Thoughts of John

What is on my mind.

The Divine Spirit in Ezekiel

The ministry of Ezekiel took place during one of the most critical times of Israel’s history. Ezekiel makes allusions to current events that can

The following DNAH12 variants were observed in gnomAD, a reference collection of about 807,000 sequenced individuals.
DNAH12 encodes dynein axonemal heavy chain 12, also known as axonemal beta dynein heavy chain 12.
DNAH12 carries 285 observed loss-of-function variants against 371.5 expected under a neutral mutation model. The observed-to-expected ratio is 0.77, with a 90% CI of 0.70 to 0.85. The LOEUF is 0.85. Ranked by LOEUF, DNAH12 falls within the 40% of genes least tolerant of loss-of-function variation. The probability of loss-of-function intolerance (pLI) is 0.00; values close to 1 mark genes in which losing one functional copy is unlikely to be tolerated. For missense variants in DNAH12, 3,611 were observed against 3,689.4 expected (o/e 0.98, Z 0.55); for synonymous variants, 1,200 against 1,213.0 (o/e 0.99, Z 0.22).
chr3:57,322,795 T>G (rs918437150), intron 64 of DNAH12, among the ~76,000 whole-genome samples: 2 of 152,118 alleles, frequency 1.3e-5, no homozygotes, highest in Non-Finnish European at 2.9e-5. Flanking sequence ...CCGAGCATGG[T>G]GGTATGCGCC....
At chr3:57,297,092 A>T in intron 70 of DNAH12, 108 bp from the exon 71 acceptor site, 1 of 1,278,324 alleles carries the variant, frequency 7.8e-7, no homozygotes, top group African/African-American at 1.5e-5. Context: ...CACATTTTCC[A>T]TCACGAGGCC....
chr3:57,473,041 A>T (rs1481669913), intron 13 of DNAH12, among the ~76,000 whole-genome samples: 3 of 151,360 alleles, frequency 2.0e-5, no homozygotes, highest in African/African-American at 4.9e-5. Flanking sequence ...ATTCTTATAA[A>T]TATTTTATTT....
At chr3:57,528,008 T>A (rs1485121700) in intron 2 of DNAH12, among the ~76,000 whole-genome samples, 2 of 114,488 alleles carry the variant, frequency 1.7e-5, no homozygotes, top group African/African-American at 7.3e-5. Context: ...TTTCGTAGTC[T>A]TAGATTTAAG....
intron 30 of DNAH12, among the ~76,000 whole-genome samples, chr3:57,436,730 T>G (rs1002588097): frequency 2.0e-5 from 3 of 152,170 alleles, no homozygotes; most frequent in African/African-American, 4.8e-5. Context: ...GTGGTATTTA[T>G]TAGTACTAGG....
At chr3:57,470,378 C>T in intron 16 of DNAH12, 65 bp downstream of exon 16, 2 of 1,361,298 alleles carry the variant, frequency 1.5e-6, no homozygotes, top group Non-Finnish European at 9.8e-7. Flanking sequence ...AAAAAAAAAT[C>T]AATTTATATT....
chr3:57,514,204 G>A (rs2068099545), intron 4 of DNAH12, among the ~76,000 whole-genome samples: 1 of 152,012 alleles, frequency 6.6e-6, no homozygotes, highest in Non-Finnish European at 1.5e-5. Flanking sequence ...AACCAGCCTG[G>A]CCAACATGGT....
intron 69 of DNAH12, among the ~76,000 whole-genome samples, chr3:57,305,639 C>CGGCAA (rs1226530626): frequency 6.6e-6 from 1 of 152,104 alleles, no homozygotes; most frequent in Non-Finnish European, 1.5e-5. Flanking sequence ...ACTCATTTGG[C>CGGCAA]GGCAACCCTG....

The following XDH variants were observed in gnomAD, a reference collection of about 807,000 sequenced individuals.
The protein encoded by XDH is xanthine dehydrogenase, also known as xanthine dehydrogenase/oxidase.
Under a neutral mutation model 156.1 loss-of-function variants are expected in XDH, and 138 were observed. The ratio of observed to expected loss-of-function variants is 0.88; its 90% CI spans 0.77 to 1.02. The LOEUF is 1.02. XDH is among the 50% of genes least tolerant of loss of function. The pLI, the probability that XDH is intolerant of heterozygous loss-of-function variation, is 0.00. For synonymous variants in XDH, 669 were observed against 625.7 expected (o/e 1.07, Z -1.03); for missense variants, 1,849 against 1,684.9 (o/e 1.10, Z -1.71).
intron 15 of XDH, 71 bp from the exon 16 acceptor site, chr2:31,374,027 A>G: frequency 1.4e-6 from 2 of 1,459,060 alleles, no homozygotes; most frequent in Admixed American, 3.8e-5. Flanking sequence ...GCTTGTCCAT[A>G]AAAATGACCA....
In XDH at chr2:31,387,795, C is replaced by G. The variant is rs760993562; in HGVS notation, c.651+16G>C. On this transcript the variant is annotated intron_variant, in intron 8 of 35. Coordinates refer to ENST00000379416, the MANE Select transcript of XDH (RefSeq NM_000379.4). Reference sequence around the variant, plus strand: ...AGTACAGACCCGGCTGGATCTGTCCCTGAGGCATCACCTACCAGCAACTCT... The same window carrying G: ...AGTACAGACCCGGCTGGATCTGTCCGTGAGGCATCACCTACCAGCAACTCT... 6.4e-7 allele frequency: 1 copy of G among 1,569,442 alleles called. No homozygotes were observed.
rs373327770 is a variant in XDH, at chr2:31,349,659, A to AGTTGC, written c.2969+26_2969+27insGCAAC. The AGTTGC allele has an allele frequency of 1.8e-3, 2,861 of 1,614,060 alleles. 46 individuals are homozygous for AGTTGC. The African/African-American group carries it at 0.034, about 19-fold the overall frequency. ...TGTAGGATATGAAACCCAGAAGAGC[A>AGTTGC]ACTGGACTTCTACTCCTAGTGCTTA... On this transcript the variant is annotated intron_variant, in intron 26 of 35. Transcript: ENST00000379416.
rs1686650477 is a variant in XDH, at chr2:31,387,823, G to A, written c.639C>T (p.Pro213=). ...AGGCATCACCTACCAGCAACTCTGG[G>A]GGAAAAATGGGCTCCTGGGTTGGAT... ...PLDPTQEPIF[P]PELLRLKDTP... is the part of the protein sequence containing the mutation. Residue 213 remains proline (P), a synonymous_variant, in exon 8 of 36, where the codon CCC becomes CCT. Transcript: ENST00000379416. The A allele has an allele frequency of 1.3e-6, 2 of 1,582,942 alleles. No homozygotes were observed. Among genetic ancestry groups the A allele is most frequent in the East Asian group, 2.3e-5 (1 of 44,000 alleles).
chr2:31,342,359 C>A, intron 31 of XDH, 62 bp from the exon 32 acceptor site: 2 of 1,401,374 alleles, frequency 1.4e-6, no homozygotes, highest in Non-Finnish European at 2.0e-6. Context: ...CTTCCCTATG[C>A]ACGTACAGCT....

be gathered through extra-Biblical sources, like general summaries of history. Ezekiel refers to specific historical events that frequently are accurately dated. Ezekiel’s chronological system is based on the years of Babylonian captivity. Ezekiel being a captive is able to describe the destruction and restoration of Israel. Israel’s idolatrous worship caused the ten northern tribes of that nation to be taken into captivity by Assyria in 722 B.C. (all dates are approximate). The southern kingdom of Judah was spared Through revival, spiritual refreshment, righteous men like Isaiah and the leadership of a young man, King Hezekiah. Hezekiah’s son, Manasseh, corrupted the hearts of Israel so badly that there was little genuine repentance. The Mosaic covenant would declare that the nation of Israel would be taken captive if they continually disobeyed the stipulations of that covenant. This was the only way to remove the wickedness of Israel and cause the people to return to Yahweh their God. In the world scene Babylonia had become a dominant power. They overthrew Assyria. Nebuchadnezzar began the Babylonian takeover of Judah. The nation of Israel entered into captivity under the Babylonians in 597 B.C. Zedekiah was the king of Judah between 597-586 B.C. Early in 588 the Babylonian army laid siege to Jerusalem having already destroyed the Fortress cities of the Judean hill country. Around 586 B.C. Jerusalem was destroyed and Judah had fallen. During this time of turmoil and unrest combined with the immorality of Judah that Ezekiel ministered. Ezekiel was both a priest and a prophet that preached to the exiled Jews in Babylonia the Lord’s judgment and ultimate blessings.